5. Start a fire in the snow while you’re shivering.

4. Read a topo map quickly.

3. Quickly dig a person out of an avalanche.

2. Keep your feet warm.

1. Practice a humble mindset so caution rules the day.
PSA: Colorado Ski Hall of Fame Induction Banquet, October 27 at Denver Marriott City Center, call Ski Museum for details: 970-476-1876


10 Responses to “Ever Wondered Who Figured Out All Those Colorado Ski Areas? And 10 Things To Know — Part 8: Climbing Skins”

  1. Chris B October 4th, 2007 7:51 am

    Sometimes I let my skins get too cold (like when you have a long gentle downhill and then suddenly need to skin up again) and the glue doesn’t stick so well. What I do is I stick the ski in the snow and then rub the glued part of the skin really fast back and forth over the edge, using it to heat up the glue through friction.

  2. Stefan October 4th, 2007 8:19 am

    Lou, that is a cool binding. I’ve seen a bunch of Simplex but not one with a touring “adapter” like this one. I assume to switch into ski mode you have to take the brackets off. How does it works with the cable length if you have the boot in the bracket? I assume the toe piece of the boot is not in the Marker front piece any more, or is it?


  3. Lou October 4th, 2007 9:34 am

    Thanks Chris, that’s a great tip, we do the same thing and it works great.

  4. Rick October 4th, 2007 11:24 am

    Is sticking the skins to themselves bad? I always have, but every pair of skins Ive bought comes with non-stick backing tape. I use it for the summer but should you use it in the winter as well?

  5. David George October 4th, 2007 2:15 pm


    Hi Lou,

    I used those type of touring plates when I first started ski touring in about 1965. I think the plates were made by Marker because we used them with Marker toepieces, just like the photo. They worked great with cables. By unhooking the rear cable guide the cable length worked out OK but it was fairly easy to come out of them on the uphill. As I recall the plates came with the tabs unbent and we had to custom fit them to the particular ski and boot widths. I recall using Head skis with these…HEAVY but we got up a lot of Wasatch peaks using these. Dynafits are soooo much better!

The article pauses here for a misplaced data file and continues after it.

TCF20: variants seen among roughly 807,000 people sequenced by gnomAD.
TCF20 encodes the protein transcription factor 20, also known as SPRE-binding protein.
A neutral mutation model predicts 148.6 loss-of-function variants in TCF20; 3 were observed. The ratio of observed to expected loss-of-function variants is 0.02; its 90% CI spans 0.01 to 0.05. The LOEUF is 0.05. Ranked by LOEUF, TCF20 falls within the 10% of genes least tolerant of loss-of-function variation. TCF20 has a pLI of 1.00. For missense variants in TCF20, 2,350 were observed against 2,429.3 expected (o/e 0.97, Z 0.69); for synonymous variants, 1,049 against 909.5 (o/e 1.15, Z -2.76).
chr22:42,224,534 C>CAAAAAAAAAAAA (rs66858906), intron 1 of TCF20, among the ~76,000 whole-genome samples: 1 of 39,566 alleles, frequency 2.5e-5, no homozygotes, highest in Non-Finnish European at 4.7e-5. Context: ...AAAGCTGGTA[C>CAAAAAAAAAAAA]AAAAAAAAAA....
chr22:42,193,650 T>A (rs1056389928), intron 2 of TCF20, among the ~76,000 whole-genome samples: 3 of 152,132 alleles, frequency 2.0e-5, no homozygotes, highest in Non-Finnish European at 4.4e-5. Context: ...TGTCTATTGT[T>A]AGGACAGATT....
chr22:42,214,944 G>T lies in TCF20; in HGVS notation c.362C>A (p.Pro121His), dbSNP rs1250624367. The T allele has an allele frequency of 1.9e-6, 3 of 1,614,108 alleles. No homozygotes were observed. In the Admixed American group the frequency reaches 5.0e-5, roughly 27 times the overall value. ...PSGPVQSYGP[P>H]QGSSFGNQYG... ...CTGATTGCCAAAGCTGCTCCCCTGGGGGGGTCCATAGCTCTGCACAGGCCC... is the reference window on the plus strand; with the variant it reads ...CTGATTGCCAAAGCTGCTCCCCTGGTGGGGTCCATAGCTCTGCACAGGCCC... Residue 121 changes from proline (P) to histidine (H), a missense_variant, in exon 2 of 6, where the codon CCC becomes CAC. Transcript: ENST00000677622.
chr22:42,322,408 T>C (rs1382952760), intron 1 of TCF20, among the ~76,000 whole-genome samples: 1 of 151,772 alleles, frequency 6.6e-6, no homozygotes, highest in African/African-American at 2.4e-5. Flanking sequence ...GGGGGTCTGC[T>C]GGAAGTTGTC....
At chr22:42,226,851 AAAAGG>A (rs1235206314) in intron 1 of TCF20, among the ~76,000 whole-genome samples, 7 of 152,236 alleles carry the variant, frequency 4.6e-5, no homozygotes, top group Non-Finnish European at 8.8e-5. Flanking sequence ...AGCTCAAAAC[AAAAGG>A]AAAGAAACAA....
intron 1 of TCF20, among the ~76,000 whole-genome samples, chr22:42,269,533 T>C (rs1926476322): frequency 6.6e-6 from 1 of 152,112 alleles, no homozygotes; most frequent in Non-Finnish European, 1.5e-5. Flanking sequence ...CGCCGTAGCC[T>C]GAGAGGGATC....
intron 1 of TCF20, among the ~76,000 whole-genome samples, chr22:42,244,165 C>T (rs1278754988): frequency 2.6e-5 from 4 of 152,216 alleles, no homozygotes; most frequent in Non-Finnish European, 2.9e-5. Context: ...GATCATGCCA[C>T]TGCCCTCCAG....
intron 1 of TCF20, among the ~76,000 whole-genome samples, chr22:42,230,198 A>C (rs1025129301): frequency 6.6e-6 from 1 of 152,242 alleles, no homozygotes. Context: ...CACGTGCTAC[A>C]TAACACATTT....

6. Lou October 4th, 2007 9:12 pm

    Stefan, yes, to switch to downhill mode you take the adapter off. It hooks on some studs that are on the sides of the ski. In the photo it’s placed farther back than normal.

    David, thanks for filling us in! If you ever see any of those we need some for the WildSnow binding collection!

  7. Lou October 4th, 2007 9:13 pm

    Rick, For summer it is indeed good to use the release liner on the skins instead of sticking them to themselves. In winter sticking them together is fine.

  8. Matus October 5th, 2007 12:26 am

    Usually I remove the skins while being locked in the binding (touring mode, TLT). When it is too windy and cold I just put it quickly under my jacket any way possible – so far, this has not made any harm to my skins.

  9. Alan Watson October 5th, 2007 11:59 am